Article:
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“Quasi-security” Interests

The owner of the asset under a title-retention agreement enjoys the following remedies subject to contractual arrangements: “he may retake the goods, resell them and normally claim any loss he has suffered as damages from the buyer.As [he] does not have a true ‘security’ interest, there is no question of the buyer having an equity of redemption and hence the seller can keep all the proceeds of sale of the goods”[notes omitted].[1] As per our discussion under Sect. 4.3.1 these remedies can be exercised on a “self-help” basis or upon the court’s approval.

In all three title-retention agreements, the owner of the asset is required to demonstrate that the buyer/hirer/lessee has lost its right to possession. At common law, this would take place upon a repudiatory breach of the agreement which is accepted by the owner, essentially treating the agreement as at an end. English courts have found the following instances of repudiatory breaches in the context of title-retention devices: “.prolonged non-payment of rentals., renouncing the agreement., and non-punctual payment of an instalment where punctual payment is of the essence... ’’[notes omitted].[2] Furthermore, in hire-purchases and finance leases, which are essentially contracts of bailments, “any act that is inconsistent with the lessor/bail- or’s rights as such (for example a sale, pledge, or even just offering the goods for sale) automatically terminates the bailment and vests the immediate right to possession in the lessor/bailor” [notes omitted].[3]

To avoid difficult questions whether the breach in question justifies termination of the agreement or whether the owner has affirmed it, the parties make provision in their agreements for a list of repudiatory breaches/events of default that give the right to the owner to terminate the contract and exercise the remedies (see under Sect. 4.3.3). Using the term repudiatory breach in the agreement to describe such events is a misnomer, since the list usually includes events that strictly speaking cannot be qualified as repudiatory breaches, such as the insolvency/bankruptcy of the seller/hirer/lessee or the non-payment of one rental.[4]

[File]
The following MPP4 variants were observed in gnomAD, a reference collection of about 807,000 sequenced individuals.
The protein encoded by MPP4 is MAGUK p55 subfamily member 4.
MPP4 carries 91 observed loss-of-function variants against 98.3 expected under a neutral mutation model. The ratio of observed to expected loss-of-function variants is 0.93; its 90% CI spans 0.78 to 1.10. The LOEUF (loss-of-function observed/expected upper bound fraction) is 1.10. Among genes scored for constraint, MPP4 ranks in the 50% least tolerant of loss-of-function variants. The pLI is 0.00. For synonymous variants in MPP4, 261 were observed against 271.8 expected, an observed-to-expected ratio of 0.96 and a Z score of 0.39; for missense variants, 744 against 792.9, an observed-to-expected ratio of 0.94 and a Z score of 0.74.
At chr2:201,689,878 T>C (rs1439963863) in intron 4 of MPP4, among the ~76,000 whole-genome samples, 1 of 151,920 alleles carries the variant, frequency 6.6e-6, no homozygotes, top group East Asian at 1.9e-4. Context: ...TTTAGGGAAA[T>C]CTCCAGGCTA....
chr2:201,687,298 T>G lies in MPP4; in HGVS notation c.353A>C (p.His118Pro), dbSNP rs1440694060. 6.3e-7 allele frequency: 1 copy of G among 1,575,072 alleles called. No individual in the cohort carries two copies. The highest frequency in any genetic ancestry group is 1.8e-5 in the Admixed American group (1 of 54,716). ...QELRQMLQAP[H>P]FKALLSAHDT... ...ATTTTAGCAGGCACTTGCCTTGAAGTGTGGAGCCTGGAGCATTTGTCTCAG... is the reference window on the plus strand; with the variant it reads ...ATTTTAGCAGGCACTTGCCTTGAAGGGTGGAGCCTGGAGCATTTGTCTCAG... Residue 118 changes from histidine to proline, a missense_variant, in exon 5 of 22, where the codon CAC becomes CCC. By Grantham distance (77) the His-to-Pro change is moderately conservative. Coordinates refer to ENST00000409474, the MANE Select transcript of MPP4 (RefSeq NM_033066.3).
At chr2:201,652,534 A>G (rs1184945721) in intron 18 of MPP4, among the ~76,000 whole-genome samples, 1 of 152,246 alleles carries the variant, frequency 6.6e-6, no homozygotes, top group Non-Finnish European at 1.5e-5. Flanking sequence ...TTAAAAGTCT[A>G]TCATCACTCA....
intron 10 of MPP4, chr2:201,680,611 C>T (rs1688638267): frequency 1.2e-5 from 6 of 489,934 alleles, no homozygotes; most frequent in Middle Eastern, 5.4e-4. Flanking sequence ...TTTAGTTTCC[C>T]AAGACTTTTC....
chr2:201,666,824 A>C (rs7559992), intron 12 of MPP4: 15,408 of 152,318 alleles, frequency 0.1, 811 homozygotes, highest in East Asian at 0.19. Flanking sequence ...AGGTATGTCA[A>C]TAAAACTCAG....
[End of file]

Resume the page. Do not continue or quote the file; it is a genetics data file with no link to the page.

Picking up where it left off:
It is important to note again that, unlike the holders of security interests, the owner of the asset under a title-retention agreement is not required to account to the buyer/hirer/lessee for any surplus from the sale of the asset. However, this common law right is subject to the parties’ contractual arrangements. The parties usually insert clauses in their title-retention agreements permitting the owners to retain the instalments paid by the buyer/hirer/lessor prior to their termination. Although it is not settled beyond doubt, English courts have upheld the validity of such clauses (especially in cases of hire-purchases and finance leases) and are in general reluctant to grant such relief to the buyer, since they do not want to interfere with the contractual arrangement of the parties.[5] What they are prepared to do is to give the buyer more time to fulfil his/her obligations under the agreement.

In that respect, Article 10 of the Cape Town Convention will not come as a surprise to an English lawyer.[6] Both remedies provided therein are available under English law either on a “self-help” basis or following the court’s approval.

  • [1] H Beale, M Bridge, L Gullifer, E Lomnicka, The Law of Security and Title-Based Financing (2ndedn, 2012), at [19.09] on conditional sales. The authors make similar statements at [19.23] on hirepurchase and at [19.30] on finance lease.
  • [2] Ibid., at [19.32] note 220.
  • [3] Ibid., at [19.31].
  • [4] Ibid., at [7.29] on conditional sale; at [7.38] on hire-purchases; and at [7.50] on finance leases.
  • [5] Ibid., at [19.16] on conditional sales; at [19.28] on hire-purchases; and at [19.38] on financeleases.
  • [6] Reg. 21 of the International Interests in Aircraft Equipment (Cape Town Convention) Regulations2015.
 
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